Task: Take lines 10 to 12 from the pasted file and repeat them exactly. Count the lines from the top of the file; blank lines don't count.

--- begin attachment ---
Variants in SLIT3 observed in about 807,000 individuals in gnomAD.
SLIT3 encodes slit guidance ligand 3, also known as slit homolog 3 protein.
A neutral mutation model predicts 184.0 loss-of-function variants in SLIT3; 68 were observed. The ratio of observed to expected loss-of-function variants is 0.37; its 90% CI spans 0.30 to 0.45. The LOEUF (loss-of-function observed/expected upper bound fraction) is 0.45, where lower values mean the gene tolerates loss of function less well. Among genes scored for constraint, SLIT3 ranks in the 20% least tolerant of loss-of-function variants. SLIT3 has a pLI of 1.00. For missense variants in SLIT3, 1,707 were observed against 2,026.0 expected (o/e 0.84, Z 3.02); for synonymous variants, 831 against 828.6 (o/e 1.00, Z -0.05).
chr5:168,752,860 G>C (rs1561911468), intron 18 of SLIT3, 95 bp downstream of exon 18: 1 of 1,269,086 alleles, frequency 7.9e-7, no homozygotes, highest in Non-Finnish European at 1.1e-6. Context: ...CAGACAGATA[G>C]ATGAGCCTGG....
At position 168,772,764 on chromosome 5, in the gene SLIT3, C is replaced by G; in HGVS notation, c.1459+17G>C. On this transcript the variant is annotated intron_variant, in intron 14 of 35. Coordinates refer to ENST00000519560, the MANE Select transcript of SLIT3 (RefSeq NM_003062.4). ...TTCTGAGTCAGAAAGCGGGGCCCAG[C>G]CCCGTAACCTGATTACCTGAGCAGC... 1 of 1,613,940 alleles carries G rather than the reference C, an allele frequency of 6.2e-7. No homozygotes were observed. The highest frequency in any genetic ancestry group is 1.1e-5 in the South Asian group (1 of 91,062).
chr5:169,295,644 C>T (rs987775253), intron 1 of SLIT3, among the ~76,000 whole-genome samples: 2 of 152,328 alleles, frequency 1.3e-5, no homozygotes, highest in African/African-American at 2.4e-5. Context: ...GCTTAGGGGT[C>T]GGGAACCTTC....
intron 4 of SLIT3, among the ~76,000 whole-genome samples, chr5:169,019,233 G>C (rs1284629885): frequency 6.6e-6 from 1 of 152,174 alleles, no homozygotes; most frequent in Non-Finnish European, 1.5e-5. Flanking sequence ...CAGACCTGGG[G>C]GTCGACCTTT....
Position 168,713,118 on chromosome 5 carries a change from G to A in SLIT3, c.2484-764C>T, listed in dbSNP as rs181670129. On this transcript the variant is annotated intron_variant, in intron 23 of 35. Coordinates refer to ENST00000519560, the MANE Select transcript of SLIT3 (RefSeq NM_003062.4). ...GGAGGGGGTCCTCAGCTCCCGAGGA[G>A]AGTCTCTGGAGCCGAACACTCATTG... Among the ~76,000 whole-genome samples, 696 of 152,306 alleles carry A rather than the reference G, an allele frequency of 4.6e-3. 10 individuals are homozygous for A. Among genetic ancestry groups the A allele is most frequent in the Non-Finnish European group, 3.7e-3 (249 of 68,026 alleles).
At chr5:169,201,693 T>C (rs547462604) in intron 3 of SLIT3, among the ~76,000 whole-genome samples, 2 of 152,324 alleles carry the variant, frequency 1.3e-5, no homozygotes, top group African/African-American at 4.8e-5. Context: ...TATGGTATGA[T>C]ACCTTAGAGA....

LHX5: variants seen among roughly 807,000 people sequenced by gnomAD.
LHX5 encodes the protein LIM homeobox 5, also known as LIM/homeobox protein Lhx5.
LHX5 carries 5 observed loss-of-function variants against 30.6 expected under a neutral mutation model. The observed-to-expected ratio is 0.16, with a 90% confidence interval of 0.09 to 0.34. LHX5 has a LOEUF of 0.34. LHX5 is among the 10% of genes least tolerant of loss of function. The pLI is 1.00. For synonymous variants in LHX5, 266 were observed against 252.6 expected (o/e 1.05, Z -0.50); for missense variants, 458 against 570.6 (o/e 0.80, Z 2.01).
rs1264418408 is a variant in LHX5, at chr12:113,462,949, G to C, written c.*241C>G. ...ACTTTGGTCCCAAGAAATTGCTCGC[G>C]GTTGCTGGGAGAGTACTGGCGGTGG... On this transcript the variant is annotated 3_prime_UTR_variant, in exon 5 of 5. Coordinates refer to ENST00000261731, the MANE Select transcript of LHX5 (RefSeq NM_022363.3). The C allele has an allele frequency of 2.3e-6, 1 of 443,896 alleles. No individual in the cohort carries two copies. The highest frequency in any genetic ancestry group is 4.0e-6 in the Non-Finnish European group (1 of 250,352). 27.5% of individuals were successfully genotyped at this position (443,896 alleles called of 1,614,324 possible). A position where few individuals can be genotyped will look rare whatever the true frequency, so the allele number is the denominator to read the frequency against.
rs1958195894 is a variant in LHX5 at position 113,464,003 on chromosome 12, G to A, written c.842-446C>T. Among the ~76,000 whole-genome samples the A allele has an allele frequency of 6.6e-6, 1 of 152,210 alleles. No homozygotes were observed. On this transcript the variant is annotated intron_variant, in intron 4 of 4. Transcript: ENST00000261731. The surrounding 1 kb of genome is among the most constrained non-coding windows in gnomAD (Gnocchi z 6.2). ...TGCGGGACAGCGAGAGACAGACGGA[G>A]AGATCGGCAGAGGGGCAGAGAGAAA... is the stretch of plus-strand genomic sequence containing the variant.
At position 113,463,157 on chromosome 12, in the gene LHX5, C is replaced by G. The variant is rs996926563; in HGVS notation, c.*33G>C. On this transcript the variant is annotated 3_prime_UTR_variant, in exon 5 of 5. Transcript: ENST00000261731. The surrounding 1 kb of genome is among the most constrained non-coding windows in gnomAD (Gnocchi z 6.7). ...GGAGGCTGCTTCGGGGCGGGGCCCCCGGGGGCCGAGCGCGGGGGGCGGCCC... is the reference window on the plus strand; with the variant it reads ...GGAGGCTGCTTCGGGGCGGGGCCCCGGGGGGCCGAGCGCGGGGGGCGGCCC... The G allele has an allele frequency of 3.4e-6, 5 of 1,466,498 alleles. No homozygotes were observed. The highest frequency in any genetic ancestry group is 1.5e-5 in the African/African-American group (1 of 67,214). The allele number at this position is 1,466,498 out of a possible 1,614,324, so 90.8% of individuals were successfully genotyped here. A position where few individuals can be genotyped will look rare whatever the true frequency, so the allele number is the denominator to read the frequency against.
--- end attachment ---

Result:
LHX5: variants seen among roughly 807,000 people sequenced by gnomAD.
LHX5 encodes the protein LIM homeobox 5, also known as LIM/homeobox protein Lhx5.
LHX5 carries 5 observed loss-of-function variants against 30.6 expected under a neutral mutation model. The observed-to-expected ratio is 0.16, with a 90% confidence interval of 0.09 to 0.34. LHX5 has a LOEUF of 0.34. LHX5 is among the 10% of genes least tolerant of loss of function. The pLI is 1.00. For synonymous variants in LHX5, 266 were observed against 252.6 expected (o/e 1.05, Z -0.50); for missense variants, 458 against 570.6 (o/e 0.80, Z 2.01).